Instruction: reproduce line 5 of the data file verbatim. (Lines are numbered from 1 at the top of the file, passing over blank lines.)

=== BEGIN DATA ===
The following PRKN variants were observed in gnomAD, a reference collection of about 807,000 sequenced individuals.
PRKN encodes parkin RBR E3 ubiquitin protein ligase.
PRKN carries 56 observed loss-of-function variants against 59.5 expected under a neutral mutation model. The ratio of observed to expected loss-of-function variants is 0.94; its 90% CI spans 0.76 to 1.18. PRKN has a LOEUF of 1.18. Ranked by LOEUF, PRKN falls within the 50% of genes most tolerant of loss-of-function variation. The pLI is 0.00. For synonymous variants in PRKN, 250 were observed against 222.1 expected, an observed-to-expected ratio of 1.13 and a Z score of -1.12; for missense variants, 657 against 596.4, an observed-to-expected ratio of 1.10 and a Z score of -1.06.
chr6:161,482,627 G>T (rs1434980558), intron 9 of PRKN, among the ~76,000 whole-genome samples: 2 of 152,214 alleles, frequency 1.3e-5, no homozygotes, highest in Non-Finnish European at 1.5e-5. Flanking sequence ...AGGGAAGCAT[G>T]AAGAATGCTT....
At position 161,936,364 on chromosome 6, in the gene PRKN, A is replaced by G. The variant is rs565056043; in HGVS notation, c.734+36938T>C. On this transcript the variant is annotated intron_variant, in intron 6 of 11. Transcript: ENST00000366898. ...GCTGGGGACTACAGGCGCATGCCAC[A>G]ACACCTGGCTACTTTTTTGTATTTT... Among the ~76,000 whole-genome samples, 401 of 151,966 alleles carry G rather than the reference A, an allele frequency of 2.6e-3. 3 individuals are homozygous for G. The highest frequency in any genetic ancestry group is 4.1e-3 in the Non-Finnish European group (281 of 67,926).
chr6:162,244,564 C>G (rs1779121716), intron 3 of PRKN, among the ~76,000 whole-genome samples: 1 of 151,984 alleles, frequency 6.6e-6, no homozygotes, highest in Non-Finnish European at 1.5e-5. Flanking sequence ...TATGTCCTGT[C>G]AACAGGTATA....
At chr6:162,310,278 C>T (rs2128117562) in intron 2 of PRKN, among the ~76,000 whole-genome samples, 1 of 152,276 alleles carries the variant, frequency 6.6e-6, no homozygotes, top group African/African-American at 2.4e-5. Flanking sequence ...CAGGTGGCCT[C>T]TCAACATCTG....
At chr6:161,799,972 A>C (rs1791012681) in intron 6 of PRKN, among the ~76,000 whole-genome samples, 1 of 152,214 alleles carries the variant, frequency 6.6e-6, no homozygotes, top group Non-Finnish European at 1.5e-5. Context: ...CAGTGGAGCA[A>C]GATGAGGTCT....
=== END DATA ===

At position 161,936,364 on chromosome 6, in the gene PRKN, A is replaced by G. The variant is rs565056043; in HGVS notation, c.734+36938T>C. On this transcript the variant is annotated intron_variant, in intron 6 of 11. Transcript: ENST00000366898. ...GCTGGGGACTACAGGCGCATGCCAC[A>G]ACACCTGGCTACTTTTTTGTATTTT... Among the ~76,000 whole-genome samples, 401 of 151,966 alleles carry G rather than the reference A, an allele frequency of 2.6e-3. 3 individuals are homozygous for G. The highest frequency in any genetic ancestry group is 4.1e-3 in the Non-Finnish European group (281 of 67,926).